data journalism
Credit: By notbrucelee on Flickr. Some rights reserved.

Journalists and newsroom developers can still find working together to build tools and meaningful data visualisations a challenging process. But now there's another element to consider: how will the interactive look on a smartphone?

At The Wall Street Journal, the mobile aspect is at the forefront of developing graphics and interactive elements to accompany or enhance the reporting, particularly when working with large data sets.

The outlet's most recent example, published yesterday, is an interactive map that shows the different levels of nitrogen dioxide across Europe and how polluted the air is in specific countries or cities due to emissions produced by diesel cars.

The map was created by Elliot Bentley, graphics editor at The Wall Street Journal, as a follow up from the Volkswagen story – a scandal which erupted last month, as it was revealed the car manufacturer had cheated on emission tests results for around 11 million diesel vehicles sold in recent years.

Using geolocated data collected by the European Environment Agency (EEA) from 4,000 air quality monitoring stations in Europe, the map allows readers to either look at the bigger picture by comparing pollution levels between countries or drill down into a specific location.

"Our reporter, Matt Dalton, was looking at how diesel cars sell much better in Europe and whether the emissions that they produce are also higher," Bentley told, "and as soon as we came across the EEA database, a light bulb went off in our heads that we should do an interactive map."

The interactive was built explicitly for this piece and Bentley spent roughly four and a half days developing it, using different technologies that he was already familiar with.

For example, Leaflet JS allowed him to zoom in and out of the map and focus on particular areas, while tools like Leaflet KNN and Mapbox enable readers to search the map using a specific location, returning results from the 10 closest air monitoring stations out of the total number of 4,000.

According to Bentley, building such interactives sometimes requires "slotting together bigger parts and then just smoothing it all together to make it do want you want it to do", but he still had to make some adjustments to the code in order to make sure it displayed the correct information.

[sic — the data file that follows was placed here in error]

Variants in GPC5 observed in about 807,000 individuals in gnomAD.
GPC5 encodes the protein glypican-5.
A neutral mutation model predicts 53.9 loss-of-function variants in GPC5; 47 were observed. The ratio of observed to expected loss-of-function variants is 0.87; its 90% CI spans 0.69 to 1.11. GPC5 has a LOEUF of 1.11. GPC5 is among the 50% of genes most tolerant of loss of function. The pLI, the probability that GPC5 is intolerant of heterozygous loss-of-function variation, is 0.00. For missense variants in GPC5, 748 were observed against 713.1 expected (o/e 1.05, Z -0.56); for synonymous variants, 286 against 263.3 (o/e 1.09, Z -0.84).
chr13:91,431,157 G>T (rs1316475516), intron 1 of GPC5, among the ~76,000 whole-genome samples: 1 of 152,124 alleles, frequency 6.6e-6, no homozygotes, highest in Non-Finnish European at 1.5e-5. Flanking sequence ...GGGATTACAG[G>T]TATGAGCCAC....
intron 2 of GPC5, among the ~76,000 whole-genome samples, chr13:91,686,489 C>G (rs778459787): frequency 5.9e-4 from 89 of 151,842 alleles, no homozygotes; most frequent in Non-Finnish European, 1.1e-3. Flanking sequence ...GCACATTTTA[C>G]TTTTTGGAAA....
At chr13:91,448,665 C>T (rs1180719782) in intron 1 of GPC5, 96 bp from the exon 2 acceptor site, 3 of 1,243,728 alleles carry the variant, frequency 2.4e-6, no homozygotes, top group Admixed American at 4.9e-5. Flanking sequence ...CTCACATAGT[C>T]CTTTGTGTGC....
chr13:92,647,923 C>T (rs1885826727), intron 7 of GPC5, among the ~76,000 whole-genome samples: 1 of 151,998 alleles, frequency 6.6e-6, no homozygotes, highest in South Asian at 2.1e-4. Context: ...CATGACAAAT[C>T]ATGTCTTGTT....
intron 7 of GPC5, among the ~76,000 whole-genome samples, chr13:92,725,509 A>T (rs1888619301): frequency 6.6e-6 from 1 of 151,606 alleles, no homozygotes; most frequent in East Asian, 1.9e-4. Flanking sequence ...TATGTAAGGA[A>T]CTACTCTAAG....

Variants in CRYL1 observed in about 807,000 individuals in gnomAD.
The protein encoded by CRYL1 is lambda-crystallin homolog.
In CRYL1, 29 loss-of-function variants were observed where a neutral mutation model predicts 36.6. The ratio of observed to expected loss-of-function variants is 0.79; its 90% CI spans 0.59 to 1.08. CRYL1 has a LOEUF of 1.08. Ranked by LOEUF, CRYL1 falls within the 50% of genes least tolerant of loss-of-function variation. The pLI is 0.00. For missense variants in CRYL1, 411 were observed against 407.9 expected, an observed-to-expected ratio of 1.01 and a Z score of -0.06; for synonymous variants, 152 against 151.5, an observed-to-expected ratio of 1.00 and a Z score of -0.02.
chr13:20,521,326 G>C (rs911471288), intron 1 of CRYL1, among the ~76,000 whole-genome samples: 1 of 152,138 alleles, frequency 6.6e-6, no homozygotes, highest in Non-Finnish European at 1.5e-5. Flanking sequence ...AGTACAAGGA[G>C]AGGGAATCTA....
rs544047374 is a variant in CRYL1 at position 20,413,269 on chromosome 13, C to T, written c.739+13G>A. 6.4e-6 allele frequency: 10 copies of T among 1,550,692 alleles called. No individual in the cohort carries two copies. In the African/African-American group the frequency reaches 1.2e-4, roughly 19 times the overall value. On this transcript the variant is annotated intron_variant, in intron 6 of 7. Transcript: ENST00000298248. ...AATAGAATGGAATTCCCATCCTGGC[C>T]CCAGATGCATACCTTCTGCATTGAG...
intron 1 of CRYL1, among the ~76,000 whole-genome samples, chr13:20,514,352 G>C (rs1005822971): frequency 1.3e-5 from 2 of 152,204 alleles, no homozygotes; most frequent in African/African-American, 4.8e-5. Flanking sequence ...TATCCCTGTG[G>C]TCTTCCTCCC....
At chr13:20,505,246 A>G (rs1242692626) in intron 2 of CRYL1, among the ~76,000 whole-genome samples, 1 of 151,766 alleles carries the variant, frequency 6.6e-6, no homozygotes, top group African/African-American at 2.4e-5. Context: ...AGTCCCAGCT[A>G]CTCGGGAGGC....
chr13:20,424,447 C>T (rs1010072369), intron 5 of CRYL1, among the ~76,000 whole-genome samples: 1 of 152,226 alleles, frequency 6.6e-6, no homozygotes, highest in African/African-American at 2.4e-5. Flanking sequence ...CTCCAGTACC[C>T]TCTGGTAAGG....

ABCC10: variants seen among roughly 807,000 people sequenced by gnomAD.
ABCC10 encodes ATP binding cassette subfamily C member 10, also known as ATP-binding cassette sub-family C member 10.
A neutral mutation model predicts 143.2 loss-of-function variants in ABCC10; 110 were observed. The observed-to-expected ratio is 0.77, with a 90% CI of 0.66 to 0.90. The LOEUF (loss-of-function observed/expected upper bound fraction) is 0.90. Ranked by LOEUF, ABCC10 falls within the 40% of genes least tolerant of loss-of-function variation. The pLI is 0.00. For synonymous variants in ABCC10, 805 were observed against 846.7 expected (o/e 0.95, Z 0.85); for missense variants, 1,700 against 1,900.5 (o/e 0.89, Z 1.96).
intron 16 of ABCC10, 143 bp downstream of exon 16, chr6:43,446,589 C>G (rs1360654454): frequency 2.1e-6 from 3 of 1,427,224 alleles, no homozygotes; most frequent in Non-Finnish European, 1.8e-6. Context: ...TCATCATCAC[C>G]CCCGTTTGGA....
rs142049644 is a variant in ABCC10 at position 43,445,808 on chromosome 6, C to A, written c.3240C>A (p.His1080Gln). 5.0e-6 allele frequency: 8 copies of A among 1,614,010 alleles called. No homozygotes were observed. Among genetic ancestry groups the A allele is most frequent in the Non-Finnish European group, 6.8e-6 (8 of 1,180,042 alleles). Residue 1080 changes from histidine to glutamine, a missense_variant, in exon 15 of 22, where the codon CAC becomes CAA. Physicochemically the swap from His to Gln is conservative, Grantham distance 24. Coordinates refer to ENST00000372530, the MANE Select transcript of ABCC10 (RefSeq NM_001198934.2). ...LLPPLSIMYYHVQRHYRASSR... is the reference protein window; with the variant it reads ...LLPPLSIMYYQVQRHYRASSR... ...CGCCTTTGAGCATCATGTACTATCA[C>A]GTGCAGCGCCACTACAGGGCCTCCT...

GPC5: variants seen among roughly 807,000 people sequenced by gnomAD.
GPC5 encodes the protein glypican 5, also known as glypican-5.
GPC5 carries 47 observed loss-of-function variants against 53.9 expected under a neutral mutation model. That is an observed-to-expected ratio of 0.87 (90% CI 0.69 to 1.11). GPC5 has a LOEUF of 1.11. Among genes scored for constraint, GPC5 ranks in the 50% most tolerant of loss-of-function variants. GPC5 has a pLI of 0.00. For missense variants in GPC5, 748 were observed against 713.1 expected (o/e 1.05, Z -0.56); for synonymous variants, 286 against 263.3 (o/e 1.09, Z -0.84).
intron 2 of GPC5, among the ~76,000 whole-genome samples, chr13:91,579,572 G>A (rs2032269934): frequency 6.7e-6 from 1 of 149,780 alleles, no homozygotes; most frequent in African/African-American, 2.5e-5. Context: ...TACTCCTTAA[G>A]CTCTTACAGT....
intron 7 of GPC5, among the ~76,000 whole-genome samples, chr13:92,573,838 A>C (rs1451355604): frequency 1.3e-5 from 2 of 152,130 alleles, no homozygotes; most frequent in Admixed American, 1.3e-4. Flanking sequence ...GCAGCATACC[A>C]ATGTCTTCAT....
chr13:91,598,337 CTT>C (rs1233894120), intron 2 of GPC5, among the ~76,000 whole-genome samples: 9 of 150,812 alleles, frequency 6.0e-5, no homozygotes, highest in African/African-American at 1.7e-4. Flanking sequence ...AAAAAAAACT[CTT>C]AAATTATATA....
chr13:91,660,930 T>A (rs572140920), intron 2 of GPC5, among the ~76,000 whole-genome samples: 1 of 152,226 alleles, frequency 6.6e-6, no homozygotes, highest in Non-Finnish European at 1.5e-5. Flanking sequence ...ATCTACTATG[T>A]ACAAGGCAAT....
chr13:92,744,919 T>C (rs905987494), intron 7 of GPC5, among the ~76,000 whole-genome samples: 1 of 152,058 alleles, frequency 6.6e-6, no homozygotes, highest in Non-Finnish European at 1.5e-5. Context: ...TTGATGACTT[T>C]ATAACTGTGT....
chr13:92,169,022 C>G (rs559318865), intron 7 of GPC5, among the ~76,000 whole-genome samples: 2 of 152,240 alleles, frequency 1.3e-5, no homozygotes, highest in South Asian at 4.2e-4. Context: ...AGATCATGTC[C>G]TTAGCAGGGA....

Maps are often the more obvious or easier choice when working with large data sets in the newsroom, but they shouldn't necessarily be a port of call for every story – at The Journal, the main question is whether or not it would work on mobile and what connections readers are able to draw between the different elements included.  

"What we really wanted to convey with this piece is how bad pollution is across Europe and that something probably needs to be done about it, beyond making sure that car manufacturers are not cheating on their tests," said Bentley.

He explained that he is "often hesitant to do maps" because "a big, full screen map is not very mobile friendly or fun to pan around it and poke at little dots" – for that reason, the initial prototype of the pollution tool included only the search box for readers to compare different results, before it became clear that "the map should really be a focus".

wsj pollution
Screenshot of The Wall Street Journal's pollution map on mobile

"This is a problem that I've been coming up against since I started doing interactive graphics and I'm still trying to work out what's the best way to do maps on mobile," he said.

"[Maps] are not particularly fun to interact with unless you've got nice, big icons on them, but these icons can also get in the way, so I think this is almost like a work in progress."

The map's current version draws inspiration from apps such as Google Maps and AirBnb, which Bentley said "manage to integrate interactive maps very smartly on the phone".

He also gave the example of The Guardian's recent property prices map, which on mobile included a button for readers to interact with its full version or opt out of it at any time.

"I think the challenge at the moment is how do you present big datasets on mobile, where you have such a small screen and can't rely on things like tool tips or hover – so you have to be smart about it and summarise information."

But even if this is a recurring design issue, Bentley said he tries to do everything from scratch and avoid using templates, "unless it's a really obvious or universal structure that you can use multiple times".

"I might reuse code from an older project, but I think if a design problem is not solved, it's important to continue to approach it with a fresh outlook."

"This is not a complicated or fancy interactive, but it is based on an interesting dataset and sometimes that's all you need – you just have to present it in a clear way for the audience."
  • Hear more from Elliot Bentley at's news:rewired digital journalism conference, taking place in London on 1 December. Elliot will discuss the challenges and opportunities around building in-house tools in newsrooms.

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